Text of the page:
5/31/2009

Core Training and Stablility

There are 29 core muscles that work together to keep the body stable as it generates force, absorbs force, changes direction and moves in multiple different planes of motion. An effective functional exercise program trains your core to do all of this. Rather than training in isolation, we integrate core training into many exercises for other body parts. Ultimately, a core that is stronger while performing movements can improve your overall performance and strength and reduce risk of injury.

If your core training program consists mainly of crunches, leg extensions and back extensions, you're working in only one plane and risk overtraining your rectus abdominus. That's the "6 pack muscle" and yes, you can overtrain it to the extent that it increases the risk of injury - and in a way that will surprise you: A tight rectus abdominus pulls the pectorals forward, tight pectorals pull on the shoulders causing them to rotate in, rotator cuff muscles cannot function effectively and are at risk of injury. Running? By pulling on the chest muscles and moving the shoulders and head forward, an overtrained rectus abdominus can reduce your oxygen intake. Exercises that strengthen the deep inner abdominals, and exercises that incorporate core stabilization with other movements, are an essential component.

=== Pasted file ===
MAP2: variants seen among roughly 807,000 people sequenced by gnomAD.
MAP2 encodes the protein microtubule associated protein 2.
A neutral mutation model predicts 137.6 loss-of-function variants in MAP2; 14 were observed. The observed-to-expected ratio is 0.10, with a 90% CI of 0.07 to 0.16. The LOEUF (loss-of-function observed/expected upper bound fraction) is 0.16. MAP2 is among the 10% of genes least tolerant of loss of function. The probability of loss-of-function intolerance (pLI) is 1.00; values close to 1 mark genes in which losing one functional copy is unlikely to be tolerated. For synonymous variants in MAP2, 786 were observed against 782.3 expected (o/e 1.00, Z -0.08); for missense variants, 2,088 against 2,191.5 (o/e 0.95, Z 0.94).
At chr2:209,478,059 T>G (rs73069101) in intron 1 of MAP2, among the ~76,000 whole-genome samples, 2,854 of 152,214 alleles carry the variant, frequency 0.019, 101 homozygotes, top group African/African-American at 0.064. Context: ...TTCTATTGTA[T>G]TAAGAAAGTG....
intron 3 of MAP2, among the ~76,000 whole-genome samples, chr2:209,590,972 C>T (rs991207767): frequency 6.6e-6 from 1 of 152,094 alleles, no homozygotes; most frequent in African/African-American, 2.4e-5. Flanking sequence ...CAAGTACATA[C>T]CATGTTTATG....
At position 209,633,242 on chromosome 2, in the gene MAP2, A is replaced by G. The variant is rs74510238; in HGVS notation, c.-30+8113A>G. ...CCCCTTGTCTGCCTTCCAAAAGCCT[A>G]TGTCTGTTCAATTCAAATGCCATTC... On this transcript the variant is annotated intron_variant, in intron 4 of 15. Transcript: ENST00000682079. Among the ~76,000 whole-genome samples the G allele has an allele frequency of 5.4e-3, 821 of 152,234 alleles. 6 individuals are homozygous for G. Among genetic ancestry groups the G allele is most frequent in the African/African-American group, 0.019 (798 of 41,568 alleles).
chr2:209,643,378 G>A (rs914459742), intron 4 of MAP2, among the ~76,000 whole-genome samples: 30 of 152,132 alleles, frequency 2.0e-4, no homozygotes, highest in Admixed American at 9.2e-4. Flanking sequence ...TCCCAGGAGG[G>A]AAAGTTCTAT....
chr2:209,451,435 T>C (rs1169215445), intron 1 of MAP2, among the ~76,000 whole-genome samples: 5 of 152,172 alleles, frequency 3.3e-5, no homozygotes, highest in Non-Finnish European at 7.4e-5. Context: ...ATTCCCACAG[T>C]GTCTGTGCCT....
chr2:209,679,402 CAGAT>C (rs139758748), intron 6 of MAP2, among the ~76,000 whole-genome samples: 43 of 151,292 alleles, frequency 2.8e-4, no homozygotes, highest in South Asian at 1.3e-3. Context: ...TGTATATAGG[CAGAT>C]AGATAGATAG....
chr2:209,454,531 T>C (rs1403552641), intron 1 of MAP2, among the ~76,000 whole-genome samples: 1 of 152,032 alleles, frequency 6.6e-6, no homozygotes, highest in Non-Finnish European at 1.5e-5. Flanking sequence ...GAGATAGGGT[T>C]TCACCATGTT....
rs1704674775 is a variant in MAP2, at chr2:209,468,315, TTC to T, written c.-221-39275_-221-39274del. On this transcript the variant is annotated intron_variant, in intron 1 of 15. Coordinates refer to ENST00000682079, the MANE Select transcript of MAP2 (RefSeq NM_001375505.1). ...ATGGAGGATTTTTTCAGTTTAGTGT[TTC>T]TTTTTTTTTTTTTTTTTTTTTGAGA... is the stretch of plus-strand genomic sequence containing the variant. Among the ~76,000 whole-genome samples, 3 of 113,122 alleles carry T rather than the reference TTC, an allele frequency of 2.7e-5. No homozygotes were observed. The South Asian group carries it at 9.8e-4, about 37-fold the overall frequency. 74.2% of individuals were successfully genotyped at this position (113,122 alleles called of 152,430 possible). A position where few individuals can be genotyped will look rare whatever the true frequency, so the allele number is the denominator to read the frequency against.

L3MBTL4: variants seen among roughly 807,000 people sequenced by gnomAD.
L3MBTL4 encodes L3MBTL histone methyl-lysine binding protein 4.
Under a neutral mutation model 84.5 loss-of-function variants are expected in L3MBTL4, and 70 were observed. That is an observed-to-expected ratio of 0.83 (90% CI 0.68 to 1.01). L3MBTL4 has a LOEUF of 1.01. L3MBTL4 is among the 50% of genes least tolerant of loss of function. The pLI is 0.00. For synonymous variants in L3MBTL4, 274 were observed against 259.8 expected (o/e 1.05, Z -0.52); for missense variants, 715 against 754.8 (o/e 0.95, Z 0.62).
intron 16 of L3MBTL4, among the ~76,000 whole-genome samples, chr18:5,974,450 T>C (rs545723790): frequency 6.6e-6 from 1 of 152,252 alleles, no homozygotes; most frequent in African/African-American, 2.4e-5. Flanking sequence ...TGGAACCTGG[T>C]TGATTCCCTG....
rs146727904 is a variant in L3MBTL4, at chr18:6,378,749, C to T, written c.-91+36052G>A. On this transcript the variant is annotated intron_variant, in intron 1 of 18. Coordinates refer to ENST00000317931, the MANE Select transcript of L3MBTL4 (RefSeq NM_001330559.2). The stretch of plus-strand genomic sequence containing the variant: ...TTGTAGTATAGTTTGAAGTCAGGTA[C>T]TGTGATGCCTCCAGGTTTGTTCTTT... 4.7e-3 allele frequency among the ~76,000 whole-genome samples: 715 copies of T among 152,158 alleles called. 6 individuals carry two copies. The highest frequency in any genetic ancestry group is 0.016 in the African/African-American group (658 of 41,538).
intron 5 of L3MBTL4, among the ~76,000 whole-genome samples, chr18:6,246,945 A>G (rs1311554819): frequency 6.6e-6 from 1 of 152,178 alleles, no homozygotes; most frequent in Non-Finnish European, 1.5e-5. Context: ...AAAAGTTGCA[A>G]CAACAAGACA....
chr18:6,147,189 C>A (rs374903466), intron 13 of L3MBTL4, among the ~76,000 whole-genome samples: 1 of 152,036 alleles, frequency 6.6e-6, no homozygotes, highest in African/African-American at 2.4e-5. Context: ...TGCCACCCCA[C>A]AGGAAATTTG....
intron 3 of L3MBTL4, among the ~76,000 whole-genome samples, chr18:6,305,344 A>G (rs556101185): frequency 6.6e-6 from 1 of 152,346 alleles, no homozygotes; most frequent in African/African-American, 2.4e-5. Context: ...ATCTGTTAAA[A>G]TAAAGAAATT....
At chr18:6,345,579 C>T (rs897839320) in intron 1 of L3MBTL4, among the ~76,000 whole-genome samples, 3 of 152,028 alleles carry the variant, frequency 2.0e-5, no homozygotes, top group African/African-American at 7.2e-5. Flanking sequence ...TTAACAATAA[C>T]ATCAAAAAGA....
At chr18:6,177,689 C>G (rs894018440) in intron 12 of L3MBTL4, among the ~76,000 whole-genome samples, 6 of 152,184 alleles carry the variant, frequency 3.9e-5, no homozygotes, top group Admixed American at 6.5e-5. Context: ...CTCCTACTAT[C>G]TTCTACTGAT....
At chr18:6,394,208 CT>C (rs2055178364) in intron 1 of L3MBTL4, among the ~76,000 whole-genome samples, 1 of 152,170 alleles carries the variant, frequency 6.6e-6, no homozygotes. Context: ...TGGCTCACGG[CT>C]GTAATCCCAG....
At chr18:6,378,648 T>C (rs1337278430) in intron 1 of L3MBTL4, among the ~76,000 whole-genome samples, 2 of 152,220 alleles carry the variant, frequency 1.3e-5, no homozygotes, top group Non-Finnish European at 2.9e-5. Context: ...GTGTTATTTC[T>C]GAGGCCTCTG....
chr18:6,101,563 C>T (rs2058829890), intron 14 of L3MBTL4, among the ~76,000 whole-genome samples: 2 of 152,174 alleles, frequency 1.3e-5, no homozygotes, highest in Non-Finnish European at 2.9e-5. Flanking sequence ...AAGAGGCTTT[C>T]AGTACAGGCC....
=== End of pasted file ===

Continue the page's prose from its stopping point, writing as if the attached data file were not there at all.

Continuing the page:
Public enemy number 1 is the chair, followed closely by the bench. If you spend a large part of your day sitting, it's a good idea to not to sit or lie down through your entire workout every time you train. Chairs and benches do the work of stabilizing your core as you perform the exercises.